Should the Design of the American Silver Eagle Be Changed?

For several years, the Citizens Coinage Advisory Committee has been recommending a design change for the American Silver Eagle. At a teleconference meeting held today, the group will discuss potential designs and likely make a formal recommendation for a new reverse design for the popular bullion and collector coin.

American Silver Eagle

The American Silver Eagle has carried the same design since its introduction in 1986. The obverse has featured Adolph A. Weinman’s Walking Liberty design, originally used for the circulating half dollar stuck from 1916 to 1947, depicting the full figure of Liberty walking confidently forward with one hand outstretched and the other carrying branches of laurel and oak. The reverse has featured a heraldic eagle designed by former United States Mint Chief Engraver John Mercanti.

Since the design passed the 25-year mark in 2011, a potential redesign has been brought up at several CCAC meetings. A recommendation for a redesign has also been offered within the group’s annual reports.

By law, the design for the American Silver Eagle is required to carry a design “symbolic of Liberty” on the obverse and “of an eagle” on the reverse. The Secretary of the Treasury has the authority to change the design of a coin as long as the existing design has been in use for at least 25 years. In recent history, the Secretary has typically deferred to Congress with regards to changes in coin design.

Ahead of today’s meeting, members of the CCAC were provided with previously prepared unused coin designs which feature an eagle. From a total of 44 designs, the field was narrowed to a list of 16 designs for discussion. These designs had originally been prepared for the Code Talkers Congressional Gold Medals, the 2008 Bald Eagle Commemorative Coin Program, the new Lincoln Cent reverse, and the 2015 US Marshals Service Commemorative Coin Program.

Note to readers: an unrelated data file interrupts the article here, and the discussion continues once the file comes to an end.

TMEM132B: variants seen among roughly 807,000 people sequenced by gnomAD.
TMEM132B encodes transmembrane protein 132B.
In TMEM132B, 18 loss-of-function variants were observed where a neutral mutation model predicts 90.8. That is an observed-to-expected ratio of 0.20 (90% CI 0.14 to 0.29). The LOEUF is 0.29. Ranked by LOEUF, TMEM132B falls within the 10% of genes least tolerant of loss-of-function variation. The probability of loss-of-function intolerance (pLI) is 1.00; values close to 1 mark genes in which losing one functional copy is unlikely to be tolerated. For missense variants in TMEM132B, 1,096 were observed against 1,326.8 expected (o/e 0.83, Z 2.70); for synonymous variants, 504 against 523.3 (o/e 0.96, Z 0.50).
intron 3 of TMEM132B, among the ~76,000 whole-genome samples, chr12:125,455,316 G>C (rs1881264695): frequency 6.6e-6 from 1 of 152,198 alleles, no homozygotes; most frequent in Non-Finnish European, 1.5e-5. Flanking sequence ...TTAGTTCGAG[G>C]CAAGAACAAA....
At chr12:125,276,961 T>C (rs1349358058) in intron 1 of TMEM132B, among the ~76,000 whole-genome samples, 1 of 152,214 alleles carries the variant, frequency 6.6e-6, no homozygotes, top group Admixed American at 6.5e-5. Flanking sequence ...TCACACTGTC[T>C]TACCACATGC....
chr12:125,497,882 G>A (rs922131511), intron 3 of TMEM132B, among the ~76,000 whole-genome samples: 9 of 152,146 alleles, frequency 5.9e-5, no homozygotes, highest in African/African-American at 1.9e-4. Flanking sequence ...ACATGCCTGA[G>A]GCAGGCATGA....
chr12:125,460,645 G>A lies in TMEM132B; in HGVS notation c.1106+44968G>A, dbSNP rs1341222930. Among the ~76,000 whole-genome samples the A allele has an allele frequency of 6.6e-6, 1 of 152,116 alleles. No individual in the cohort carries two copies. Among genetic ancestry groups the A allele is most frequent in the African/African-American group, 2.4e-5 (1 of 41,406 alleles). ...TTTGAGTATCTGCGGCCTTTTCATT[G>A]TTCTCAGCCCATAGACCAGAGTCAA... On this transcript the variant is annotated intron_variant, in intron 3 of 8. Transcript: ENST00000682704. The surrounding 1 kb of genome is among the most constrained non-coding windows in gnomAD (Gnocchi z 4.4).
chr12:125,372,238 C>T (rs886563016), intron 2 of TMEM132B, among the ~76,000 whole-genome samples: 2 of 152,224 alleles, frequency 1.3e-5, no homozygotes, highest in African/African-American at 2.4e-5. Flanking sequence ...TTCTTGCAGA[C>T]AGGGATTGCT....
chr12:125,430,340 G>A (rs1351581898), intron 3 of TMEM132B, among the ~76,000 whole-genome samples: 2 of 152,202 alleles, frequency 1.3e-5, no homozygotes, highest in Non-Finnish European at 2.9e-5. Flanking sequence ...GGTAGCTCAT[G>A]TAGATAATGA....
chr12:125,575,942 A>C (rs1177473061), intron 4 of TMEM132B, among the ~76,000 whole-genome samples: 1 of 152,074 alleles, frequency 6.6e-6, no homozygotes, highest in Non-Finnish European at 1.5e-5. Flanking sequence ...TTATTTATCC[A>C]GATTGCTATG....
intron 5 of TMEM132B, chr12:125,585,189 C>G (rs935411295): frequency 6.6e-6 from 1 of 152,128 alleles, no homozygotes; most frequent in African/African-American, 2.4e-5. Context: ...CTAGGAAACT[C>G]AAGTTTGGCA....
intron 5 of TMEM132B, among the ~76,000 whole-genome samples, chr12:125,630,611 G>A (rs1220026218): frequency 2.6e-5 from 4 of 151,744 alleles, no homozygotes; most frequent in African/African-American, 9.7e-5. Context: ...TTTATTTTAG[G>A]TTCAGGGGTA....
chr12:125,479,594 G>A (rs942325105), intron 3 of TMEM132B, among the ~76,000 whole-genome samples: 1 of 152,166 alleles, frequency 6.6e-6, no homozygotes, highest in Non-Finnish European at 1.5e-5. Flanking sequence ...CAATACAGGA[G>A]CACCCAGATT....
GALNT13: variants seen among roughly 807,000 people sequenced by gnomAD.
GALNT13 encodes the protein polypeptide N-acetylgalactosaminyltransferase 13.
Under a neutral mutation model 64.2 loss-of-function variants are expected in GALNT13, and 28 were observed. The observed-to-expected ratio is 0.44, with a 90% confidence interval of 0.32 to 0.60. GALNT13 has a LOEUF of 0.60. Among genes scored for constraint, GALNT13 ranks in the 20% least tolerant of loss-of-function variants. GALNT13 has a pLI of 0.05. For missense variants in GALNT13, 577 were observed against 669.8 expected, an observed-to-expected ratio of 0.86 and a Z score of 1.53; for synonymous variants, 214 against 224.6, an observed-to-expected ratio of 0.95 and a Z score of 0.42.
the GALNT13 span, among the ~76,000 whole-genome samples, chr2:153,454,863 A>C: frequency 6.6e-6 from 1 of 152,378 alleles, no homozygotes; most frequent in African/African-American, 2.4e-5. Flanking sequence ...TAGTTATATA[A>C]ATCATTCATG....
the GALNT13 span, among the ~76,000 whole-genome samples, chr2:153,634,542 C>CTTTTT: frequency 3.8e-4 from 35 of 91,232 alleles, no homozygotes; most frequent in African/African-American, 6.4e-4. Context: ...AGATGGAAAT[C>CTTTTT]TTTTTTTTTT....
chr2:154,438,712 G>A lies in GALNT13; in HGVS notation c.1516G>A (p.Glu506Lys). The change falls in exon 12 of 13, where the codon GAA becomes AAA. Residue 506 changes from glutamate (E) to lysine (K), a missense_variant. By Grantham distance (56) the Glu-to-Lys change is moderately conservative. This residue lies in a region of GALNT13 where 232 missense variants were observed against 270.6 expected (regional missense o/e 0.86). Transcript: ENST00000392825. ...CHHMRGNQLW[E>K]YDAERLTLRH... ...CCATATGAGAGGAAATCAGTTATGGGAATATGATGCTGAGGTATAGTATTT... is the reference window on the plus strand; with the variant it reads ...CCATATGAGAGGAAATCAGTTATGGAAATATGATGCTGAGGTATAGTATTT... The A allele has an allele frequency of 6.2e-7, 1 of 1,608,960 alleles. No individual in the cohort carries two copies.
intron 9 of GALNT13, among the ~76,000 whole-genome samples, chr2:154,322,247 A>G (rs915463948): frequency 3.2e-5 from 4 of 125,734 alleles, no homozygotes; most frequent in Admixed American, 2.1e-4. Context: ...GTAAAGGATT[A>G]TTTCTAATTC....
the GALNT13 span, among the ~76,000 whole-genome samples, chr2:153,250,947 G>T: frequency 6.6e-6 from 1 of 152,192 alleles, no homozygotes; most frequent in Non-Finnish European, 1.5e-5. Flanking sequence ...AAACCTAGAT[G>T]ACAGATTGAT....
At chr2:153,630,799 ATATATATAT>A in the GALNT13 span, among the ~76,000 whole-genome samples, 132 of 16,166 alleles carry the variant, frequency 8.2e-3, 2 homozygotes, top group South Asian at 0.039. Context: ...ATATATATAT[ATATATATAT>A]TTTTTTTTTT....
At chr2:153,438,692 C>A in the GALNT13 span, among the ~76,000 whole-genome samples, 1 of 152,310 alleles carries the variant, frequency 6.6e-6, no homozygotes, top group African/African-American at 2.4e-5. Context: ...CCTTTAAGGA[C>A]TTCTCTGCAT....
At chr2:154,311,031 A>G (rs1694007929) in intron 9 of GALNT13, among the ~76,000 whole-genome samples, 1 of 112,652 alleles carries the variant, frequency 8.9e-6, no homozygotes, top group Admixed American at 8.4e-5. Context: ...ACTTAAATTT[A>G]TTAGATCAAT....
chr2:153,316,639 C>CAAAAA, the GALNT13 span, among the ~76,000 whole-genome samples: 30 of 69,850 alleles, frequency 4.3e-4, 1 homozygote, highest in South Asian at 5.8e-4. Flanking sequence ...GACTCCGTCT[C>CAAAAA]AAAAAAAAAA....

Images of the culled list of 16 potential designs for the reverse of the American Silver Eagle are included below. I also thought it would be interesting to include a poll to gauge the opinion of Mint News Blog readers.

What do readers think? Should the Silver Eagle reverse design be changed? What are your favorite designs from the candidates below?

Update: Detailed coverage of the Citizens Coinage Advisory Committee’s discussion of the potential reverse design can be found on Coin Update. The CCAC recommended design 41 with a motion to give the Mint a free hand to present options with variations of the design elements.

Eagle_01 Eagle_10 Eagle_16 Eagle_18 Eagle_19 Eagle_22 Eagle_23 Eagle_24 Eagle_25 Eagle_30 Eagle_36 Eagle_38 Eagle_39 Eagle_40 Eagle_41 Eagle_44

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  1. billrod says

    If you want a truly great classical eagle design go back to the Gobrecht Flying Eagle dollars (1836-1839) or the Flying Eagle cent (1856-1858) or the Peace Dollar Eagle (1921-1935). Our current artists have shown they are incapable of producing worthy designs.

  2. billrod says

    I don’t like this new format and I especially don’t like the fact that it is not very “eye friendly” for us old-timers. There is not enough contrast between the text and the bluebackground and after a while it is almost impossible to read all the comments. After a while everything just becomes washed out and one big blur. The font size should be increased a notch or two also. If it were up to me I would return to the previous format.

  3. CW says

    Could we put the font choice up to a vote? I cannot read this website anymore, which is sad since I love it.

  4. POP says

    I am in favor of change – but – not to something that is worse than what already exists. IMO Mercanti’s reverse is far better than any of those proposed. And I favor a change for the reverse of the A/E gold coin – how about the original St Gaudens reverse. A family of eagles is just too much for something as small as a coin.

  5. Robert Bateman says

    Yes, change that design time is overdue. I second the motion for the Gobrecht Eagle on the reverse, and the Draped Bust Liberty on the front. This was George Washinton’s appointment of Robert Scot’s (first US Chief Engraver) first successful design, and was feautured on all us coins for 10 years. This Young Lady Liberty is the only woman ever to grace a US coin that was genuinely good looking. Funny thing about this design: As the coins wore, she got prettier and her smile softer, reaching it’s apex at Fine condition. This I attribute to the high cheekbones being worn off and lips shallower. Bring her back!

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